BOSTON, Mass. (SHNS)–While lawmakers wait for Gov. Maura Healey to file promised legislation funding another year of universal school meals, a Haverhill Democrat seeking a permanent extension pitched the program as a way to tackle one of the governor’s top goals: affordability.

Rep. Andy Vargas told administration officials Monday that in addition to keeping students well-fed and better prepared for classes, the availability of free meals in schools has also put a sizable chunk of change back into parents’ pockets. “I think it’s right in line with the governor’s goals around affordability as well. We know that this is saving families about $1,200 a year per kid, which is huge,” Vargas said at a Joint Ways and Means Committee hearing, noting that Healey “has placed a huge emphasis on affordability in the commonwealth.”

Massachusetts was one of just five states to deploy its own dollars to keep offering free in-school meals for all students after federal waivers expired in June. The original $110 million allotment was not enough, however, and lawmakers have advanced legislation to inject $65 million more to cover the rest of the school year.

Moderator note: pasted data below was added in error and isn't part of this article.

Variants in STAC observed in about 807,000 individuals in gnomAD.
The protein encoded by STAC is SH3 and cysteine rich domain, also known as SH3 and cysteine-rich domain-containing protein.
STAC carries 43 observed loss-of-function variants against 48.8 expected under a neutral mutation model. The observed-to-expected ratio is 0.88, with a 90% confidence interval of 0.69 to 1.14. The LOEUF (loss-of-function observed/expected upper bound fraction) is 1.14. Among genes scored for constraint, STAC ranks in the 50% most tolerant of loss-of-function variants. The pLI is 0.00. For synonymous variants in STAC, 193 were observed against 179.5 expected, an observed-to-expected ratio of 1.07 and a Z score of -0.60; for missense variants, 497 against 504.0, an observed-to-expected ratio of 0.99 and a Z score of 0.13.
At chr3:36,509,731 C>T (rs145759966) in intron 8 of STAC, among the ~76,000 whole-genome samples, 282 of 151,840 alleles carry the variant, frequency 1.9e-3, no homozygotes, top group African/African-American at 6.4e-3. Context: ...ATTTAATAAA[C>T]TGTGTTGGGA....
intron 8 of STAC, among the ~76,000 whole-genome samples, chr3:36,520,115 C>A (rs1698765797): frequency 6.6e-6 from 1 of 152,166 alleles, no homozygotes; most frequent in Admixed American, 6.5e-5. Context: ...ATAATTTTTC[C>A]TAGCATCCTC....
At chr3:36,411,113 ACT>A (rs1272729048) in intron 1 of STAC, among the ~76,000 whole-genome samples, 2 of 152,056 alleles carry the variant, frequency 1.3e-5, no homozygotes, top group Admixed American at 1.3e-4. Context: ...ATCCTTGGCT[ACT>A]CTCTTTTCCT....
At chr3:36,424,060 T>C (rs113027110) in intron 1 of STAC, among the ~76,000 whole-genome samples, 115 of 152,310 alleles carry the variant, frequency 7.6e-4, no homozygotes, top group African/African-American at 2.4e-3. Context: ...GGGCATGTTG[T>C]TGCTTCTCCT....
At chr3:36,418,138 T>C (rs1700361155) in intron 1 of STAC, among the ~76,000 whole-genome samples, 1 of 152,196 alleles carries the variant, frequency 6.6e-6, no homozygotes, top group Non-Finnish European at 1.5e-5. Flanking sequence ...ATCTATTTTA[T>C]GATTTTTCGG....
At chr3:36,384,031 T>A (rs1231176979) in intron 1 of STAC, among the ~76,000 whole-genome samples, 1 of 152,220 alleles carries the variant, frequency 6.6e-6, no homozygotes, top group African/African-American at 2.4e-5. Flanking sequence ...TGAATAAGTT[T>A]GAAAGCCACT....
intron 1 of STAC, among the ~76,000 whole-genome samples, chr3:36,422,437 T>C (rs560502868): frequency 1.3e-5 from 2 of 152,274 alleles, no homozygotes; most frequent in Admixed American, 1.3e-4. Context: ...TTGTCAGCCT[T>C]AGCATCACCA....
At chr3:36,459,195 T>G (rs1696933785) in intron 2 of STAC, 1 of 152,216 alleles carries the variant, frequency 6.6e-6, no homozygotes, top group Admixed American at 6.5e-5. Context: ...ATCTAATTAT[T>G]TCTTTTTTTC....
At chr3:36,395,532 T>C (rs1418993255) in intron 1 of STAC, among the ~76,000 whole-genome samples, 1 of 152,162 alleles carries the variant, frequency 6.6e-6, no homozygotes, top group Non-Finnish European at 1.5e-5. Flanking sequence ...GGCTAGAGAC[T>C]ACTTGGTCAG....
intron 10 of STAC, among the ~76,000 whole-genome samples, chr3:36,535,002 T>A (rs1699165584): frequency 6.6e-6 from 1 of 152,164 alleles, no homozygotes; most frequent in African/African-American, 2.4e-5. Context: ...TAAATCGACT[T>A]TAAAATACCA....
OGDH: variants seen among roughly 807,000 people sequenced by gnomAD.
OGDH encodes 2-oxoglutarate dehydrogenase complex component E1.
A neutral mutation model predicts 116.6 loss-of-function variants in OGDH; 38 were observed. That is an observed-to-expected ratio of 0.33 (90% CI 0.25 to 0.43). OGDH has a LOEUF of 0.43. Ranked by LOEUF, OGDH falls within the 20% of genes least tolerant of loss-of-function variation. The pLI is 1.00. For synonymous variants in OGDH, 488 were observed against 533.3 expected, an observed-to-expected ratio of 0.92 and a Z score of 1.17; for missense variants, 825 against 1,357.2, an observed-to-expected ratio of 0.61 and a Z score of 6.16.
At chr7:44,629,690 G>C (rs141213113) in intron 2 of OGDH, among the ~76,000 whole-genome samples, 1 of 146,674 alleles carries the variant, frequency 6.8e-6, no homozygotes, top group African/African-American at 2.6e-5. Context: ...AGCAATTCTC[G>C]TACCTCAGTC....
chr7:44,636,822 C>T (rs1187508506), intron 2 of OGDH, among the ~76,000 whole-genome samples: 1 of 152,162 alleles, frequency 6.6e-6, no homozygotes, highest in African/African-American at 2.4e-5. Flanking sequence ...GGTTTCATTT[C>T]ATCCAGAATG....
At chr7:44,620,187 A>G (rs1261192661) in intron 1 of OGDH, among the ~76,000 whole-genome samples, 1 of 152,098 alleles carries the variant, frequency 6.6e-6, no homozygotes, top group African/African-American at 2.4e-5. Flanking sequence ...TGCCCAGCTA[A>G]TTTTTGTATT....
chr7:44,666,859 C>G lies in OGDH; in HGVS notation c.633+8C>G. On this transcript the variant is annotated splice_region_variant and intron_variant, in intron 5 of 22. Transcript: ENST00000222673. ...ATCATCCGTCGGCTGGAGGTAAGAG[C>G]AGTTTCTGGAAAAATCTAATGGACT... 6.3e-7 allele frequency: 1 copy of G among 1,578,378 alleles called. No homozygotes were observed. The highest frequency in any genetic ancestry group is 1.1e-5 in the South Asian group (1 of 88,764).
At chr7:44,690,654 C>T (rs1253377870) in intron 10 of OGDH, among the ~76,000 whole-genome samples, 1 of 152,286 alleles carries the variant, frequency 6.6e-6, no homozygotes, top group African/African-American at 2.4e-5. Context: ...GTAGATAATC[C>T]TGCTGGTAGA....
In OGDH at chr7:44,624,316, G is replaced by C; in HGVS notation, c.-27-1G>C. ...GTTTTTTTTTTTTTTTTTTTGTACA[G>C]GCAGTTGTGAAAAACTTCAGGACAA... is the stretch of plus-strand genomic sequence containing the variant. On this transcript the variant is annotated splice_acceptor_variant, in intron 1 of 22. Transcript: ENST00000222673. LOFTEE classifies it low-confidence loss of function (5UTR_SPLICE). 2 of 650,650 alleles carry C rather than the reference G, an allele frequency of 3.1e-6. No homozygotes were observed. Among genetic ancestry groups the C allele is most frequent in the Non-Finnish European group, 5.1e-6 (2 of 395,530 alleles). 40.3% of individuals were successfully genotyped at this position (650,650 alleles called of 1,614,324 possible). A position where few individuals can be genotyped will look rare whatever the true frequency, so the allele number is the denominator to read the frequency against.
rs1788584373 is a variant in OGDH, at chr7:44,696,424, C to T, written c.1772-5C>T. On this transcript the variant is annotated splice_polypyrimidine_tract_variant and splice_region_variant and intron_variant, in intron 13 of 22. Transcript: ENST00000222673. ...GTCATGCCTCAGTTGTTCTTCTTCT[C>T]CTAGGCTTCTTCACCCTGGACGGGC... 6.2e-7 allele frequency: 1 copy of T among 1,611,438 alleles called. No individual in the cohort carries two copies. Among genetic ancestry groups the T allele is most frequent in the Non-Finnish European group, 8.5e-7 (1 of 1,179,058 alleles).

Vargas, who filed a bill that would make the option permanent, said more than 80,000 students are now eating meals in school, about 30,000 more than lawmakers anticipated when they rolled out the program. “Many of those [are] in districts where they previously qualified for free or reduced-price lunch but weren’t eating and now are because the stigma has been removed, which is really exciting,” he said.

Healey plans to propose another year of money for the program in a forthcoming supplemental budget, which Education Secretary Patrick Tutwiler said he believes will be “filed at some point this week.”

When Vargas asked Healey’s education deputies why she did not include that funding in the fiscal 2024 annual budget, Tutwiler said he thinks it “has something to do with the speed of the dollars being available for districts for planning for next year.”

Top Democrats in control of the House and Senate generally do not complete their work on an annual state budget until the summer months, in many cases finalizing the spending plan after the fiscal year has already started.